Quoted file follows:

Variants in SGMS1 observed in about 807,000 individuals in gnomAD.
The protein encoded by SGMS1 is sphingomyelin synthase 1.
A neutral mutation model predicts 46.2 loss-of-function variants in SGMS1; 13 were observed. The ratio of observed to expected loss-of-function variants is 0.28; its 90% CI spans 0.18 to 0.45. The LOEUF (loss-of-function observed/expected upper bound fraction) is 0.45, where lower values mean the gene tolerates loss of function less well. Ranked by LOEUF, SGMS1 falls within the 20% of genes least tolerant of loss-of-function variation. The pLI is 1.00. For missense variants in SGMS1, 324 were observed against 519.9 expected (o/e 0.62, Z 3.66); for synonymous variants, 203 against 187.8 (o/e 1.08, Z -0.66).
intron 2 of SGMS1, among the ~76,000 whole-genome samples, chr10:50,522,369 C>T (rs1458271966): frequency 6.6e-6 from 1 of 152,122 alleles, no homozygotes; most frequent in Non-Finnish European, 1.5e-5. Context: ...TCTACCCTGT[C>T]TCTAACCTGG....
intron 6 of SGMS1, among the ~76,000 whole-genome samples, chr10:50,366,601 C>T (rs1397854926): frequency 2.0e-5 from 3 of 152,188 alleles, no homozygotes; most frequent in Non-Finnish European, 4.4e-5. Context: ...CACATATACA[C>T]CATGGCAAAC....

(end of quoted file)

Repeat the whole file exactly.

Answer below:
Variants in SGMS1 observed in about 807,000 individuals in gnomAD.
The protein encoded by SGMS1 is sphingomyelin synthase 1.
A neutral mutation model predicts 46.2 loss-of-function variants in SGMS1; 13 were observed. The ratio of observed to expected loss-of-function variants is 0.28; its 90% CI spans 0.18 to 0.45. The LOEUF (loss-of-function observed/expected upper bound fraction) is 0.45, where lower values mean the gene tolerates loss of function less well. Ranked by LOEUF, SGMS1 falls within the 20% of genes least tolerant of loss-of-function variation. The pLI is 1.00. For missense variants in SGMS1, 324 were observed against 519.9 expected (o/e 0.62, Z 3.66); for synonymous variants, 203 against 187.8 (o/e 1.08, Z -0.66).
intron 2 of SGMS1, among the ~76,000 whole-genome samples, chr10:50,522,369 C>T (rs1458271966): frequency 6.6e-6 from 1 of 152,122 alleles, no homozygotes; most frequent in Non-Finnish European, 1.5e-5. Context: ...TCTACCCTGT[C>T]TCTAACCTGG....
intron 6 of SGMS1, among the ~76,000 whole-genome samples, chr10:50,366,601 C>T (rs1397854926): frequency 2.0e-5 from 3 of 152,188 alleles, no homozygotes; most frequent in Non-Finnish European, 4.4e-5. Context: ...CACATATACA[C>T]CATGGCAAAC....